Source: Hans Hauge Via Seeking Alpha

If you don’t have a background in statistics, don’t worry; I can sum up quickly. There is a very strong relationship between the number of daily transactions and the price of ETH in log scale (remember, we have to think in log scale with cryptocurrencies).

This is interesting indeed, but what can we do with this information?

Bitcoin’s Daily Transactions and Response to the Last Two Bubbles

Based on the fact that daily transactions have something to do with the price, is it possible to look at the change in daily transactions to try and find a bottom of the cryptocurrency market? Well, with Bitcoin the answer seems to be yes. However, many other cryptocurrencies are so new, that they haven’t been through a full bubble cycle yet.


Image Source: Hans Hauge via Seeking Alpha

The first major Bitcoin bubble was in 2011. Look at how closely the number of daily transactions (blue color, left axis) corresponded with the Bitcoin price (orange color, right axis). The price bottom and the daily transaction bottom were within days of each other.

However, if we look at the 2013-2014 Bitcoin bubble, the story changes a bit.


Image Source: Hans Hauge via Seeking Alpha

Here the number of daily transactions bottomed out in two months, but the price continued to slide for fifteen months. So, it’s not always clear how far apart the transaction activity and the price action will be. However, the transaction bottom and the price recovery seem to go hand in hand.

Daily Transactions of Top Cryptos This Year

Let’s look now at what some of the top cryptocurrencies have done this year in terms of their daily transactions. We already saw that Bitcoin bottomed out in March/April, but what about XRP, ETH, ZEC, and XMR?

XRP Daily Tx


Image Source: Bitinfocharts

XRP looks like it had a bottom in September, but it’s hard to tell if we’re in recovery mode yet. I think the jury is still out here.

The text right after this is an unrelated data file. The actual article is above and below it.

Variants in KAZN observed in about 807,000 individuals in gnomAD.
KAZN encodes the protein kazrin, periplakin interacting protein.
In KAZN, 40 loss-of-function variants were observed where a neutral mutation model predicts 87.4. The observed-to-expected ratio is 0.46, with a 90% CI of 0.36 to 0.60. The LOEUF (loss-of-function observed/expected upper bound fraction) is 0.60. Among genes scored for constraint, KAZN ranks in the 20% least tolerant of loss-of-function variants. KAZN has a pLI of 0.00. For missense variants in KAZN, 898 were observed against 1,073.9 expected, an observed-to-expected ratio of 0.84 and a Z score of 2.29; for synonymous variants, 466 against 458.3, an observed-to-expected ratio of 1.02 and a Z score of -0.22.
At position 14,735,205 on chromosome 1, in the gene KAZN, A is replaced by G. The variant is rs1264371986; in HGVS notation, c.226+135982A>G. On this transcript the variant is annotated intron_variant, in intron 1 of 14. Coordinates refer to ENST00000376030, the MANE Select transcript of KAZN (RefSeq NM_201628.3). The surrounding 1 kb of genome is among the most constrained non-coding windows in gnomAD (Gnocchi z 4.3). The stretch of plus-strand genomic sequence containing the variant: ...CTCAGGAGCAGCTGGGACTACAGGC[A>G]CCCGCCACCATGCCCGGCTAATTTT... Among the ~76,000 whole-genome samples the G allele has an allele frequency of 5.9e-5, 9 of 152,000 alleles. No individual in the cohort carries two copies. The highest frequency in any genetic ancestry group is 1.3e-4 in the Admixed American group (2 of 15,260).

ETH Daily Tx


Image Source: Bitinfocharts

The same thing seems to be going on with Ethereum. There appears to be a transaction bottom in late September, but it’s too early to tell if another bottom is on the way.

ZEC Daily Tx


Image Source: Bitinfocharts

At the risk of sounding like a broken record, if ZEC has bottomed out, then it was only very recently in August. There does appear to be a slight increase in activity, but I’m not convinced we’re out of the woods yet.

XMR Daily Tx

Image 9 tx bottom xmr

Image Source: Bitinfocharts

Now, I’m just going to stop here; because at this point you may be thinking to yourself; “Hey, wait a minute, why do all these charts look so similar?” Recall that the cryptocurrency market exhibits high levels of price correlation. This relationship has been exceedingly strong in the last 180 days.


Image Source: Sifrdata Correlation Matrix


There is an undeniable relationship between the number of daily transactions in the Bitcoin network and the price of Bitcoin. That relationship may also extend to other cryptocurrencies, as we have shown with Ethereum. However, this year we are seeing a divergence between the number of daily transactions in the Bitcoin network and other top cryptocurrencies.

Due to the high levels of correlation between many of the top cryptocurrencies, it is not surprising to see that the number of daily transactions also exhibits similar behavior.

Based on this information, I call into question the merit of technical analysis on many of the top cryptocurrencies. After all, if the entire market moves together, how can we predict a single coin’s price in the future when we view it in isolation? The only exception to this rule might be Bitcoin, due to its size and scale. If Bitcoin drives the market, which I believe it does (and to a lesser extent Ethereum), then it would be a mistake to build any model that excludes their influence on smaller market participants.


Author: I write articles on Seeking Alpha, and also host a marketplace called Crypto Blue Chips. As a cryptocurrency entrepreneur and former software engineer, I bring a unique perspective to cryptocurrency investing that involves hands-on experience from running a cryptocurrency mining business (BTC Northwest) and a private investment company focused exclusively on cryptocurrency. You can find me on Twitter here.